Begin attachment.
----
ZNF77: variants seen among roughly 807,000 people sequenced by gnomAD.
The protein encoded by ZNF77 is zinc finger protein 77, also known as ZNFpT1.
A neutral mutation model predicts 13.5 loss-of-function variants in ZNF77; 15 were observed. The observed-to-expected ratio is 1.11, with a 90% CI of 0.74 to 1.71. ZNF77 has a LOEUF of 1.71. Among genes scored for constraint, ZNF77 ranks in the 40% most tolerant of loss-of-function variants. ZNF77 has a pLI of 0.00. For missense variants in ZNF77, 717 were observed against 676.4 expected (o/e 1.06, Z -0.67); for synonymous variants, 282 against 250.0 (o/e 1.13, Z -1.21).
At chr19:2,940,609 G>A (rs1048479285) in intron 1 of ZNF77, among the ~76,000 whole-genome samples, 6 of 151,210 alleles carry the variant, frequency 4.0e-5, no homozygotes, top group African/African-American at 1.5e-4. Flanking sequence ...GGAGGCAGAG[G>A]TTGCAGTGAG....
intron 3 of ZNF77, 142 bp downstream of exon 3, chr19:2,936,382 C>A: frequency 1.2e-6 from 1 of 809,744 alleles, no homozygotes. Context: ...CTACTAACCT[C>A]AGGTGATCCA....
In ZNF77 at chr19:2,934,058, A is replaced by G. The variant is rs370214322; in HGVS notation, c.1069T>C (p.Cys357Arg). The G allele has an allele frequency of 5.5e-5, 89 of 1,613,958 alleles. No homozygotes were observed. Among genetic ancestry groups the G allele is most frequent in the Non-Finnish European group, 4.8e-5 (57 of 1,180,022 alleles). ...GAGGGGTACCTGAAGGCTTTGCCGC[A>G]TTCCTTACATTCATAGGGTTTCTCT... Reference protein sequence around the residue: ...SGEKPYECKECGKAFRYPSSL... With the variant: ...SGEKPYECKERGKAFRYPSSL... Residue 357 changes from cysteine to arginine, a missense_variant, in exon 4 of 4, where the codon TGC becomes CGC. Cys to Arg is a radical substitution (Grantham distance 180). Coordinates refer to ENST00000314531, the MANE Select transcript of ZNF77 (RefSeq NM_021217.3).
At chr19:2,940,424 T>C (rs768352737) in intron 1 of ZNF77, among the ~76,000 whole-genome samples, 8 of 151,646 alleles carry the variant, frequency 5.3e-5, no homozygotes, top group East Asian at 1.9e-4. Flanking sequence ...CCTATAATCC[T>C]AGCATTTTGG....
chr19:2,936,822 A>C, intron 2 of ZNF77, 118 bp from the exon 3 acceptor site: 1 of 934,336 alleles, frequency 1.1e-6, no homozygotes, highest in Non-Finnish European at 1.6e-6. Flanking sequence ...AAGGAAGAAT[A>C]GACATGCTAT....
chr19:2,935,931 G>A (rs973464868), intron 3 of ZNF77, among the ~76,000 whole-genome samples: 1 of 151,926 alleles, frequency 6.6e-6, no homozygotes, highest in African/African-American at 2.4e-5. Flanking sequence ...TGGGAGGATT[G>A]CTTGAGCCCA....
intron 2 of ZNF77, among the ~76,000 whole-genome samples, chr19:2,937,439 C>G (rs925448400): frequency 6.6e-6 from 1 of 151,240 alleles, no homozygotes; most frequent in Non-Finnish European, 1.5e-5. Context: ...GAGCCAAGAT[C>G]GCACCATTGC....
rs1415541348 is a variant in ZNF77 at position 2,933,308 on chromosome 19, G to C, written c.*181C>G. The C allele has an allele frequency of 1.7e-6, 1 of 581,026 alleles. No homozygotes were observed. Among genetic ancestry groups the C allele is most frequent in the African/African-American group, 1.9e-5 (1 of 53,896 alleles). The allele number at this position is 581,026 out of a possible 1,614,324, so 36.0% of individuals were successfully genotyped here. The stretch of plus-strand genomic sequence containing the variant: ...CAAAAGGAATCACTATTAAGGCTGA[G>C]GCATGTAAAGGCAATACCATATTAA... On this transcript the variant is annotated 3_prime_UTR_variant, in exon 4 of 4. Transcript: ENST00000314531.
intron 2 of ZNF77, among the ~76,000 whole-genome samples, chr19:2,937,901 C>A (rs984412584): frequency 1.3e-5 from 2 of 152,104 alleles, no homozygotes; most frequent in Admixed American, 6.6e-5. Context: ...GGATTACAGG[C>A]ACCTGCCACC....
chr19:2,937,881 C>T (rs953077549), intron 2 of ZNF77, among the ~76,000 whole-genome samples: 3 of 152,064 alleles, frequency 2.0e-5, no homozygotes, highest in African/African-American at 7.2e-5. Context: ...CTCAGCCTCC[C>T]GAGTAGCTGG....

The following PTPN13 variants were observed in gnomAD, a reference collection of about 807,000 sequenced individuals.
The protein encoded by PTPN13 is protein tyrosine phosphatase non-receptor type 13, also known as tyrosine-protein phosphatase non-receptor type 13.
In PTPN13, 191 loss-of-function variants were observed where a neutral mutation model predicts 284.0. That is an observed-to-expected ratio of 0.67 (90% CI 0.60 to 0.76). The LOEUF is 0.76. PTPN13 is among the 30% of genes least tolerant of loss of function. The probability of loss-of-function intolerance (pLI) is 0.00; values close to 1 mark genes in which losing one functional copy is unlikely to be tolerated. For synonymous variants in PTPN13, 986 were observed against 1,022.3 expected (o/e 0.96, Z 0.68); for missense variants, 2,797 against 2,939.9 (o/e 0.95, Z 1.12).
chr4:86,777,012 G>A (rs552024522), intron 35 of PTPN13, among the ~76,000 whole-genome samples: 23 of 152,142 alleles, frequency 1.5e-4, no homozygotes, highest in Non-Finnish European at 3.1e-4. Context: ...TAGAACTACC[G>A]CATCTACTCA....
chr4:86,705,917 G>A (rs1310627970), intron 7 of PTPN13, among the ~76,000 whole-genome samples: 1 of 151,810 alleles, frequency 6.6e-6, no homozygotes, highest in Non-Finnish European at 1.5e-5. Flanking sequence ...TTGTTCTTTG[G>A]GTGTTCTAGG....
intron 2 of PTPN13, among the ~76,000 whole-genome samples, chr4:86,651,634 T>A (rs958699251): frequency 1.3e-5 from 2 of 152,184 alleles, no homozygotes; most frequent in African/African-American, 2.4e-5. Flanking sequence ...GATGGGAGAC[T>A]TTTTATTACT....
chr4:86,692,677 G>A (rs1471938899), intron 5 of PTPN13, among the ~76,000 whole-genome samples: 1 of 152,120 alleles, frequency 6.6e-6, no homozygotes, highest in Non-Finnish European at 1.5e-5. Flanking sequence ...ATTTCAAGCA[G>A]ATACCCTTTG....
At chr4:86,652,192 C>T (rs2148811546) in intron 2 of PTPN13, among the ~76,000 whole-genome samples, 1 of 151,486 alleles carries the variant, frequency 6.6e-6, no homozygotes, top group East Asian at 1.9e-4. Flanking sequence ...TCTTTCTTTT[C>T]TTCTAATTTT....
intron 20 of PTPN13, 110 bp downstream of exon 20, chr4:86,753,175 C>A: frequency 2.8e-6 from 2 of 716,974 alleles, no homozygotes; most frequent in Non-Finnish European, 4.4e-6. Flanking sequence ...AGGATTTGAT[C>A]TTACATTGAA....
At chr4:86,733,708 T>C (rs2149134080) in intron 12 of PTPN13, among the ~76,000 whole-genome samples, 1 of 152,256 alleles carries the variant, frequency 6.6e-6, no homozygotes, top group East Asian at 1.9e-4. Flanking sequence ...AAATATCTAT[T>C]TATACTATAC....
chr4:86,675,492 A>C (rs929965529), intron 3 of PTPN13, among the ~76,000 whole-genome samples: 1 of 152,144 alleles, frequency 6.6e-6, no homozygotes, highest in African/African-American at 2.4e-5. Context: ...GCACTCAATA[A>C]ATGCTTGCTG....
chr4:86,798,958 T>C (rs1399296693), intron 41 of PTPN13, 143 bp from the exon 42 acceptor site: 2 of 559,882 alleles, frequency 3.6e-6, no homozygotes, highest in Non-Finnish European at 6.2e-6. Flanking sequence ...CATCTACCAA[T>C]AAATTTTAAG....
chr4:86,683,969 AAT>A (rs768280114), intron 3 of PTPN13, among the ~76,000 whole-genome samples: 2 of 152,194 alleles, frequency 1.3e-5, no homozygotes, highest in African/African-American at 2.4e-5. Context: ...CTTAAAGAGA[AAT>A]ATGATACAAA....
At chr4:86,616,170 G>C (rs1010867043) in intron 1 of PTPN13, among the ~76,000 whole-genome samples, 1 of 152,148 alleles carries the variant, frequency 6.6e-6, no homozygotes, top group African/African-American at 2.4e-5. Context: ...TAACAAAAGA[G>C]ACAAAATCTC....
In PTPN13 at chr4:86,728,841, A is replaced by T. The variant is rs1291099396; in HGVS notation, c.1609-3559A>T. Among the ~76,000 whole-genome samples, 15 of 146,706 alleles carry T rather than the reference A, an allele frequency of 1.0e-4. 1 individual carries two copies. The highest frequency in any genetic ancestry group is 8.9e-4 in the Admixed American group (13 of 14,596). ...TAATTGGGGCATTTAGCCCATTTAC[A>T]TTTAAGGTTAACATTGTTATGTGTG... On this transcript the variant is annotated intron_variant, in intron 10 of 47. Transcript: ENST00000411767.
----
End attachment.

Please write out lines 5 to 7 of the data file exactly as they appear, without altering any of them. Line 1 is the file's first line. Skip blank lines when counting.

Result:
intron 3 of ZNF77, 142 bp downstream of exon 3, chr19:2,936,382 C>A: frequency 1.2e-6 from 1 of 809,744 alleles, no homozygotes. Context: ...CTACTAACCT[C>A]AGGTGATCCA....
In ZNF77 at chr19:2,934,058, A is replaced by G. The variant is rs370214322; in HGVS notation, c.1069T>C (p.Cys357Arg). The G allele has an allele frequency of 5.5e-5, 89 of 1,613,958 alleles. No homozygotes were observed. Among genetic ancestry groups the G allele is most frequent in the Non-Finnish European group, 4.8e-5 (57 of 1,180,022 alleles). ...GAGGGGTACCTGAAGGCTTTGCCGC[A>G]TTCCTTACATTCATAGGGTTTCTCT... Reference protein sequence around the residue: ...SGEKPYECKECGKAFRYPSSL... With the variant: ...SGEKPYECKERGKAFRYPSSL... Residue 357 changes from cysteine to arginine, a missense_variant, in exon 4 of 4, where the codon TGC becomes CGC. Cys to Arg is a radical substitution (Grantham distance 180). Coordinates refer to ENST00000314531, the MANE Select transcript of ZNF77 (RefSeq NM_021217.3).
At chr19:2,940,424 T>C (rs768352737) in intron 1 of ZNF77, among the ~76,000 whole-genome samples, 8 of 151,646 alleles carry the variant, frequency 5.3e-5, no homozygotes, top group East Asian at 1.9e-4. Flanking sequence ...CCTATAATCC[T>C]AGCATTTTGG....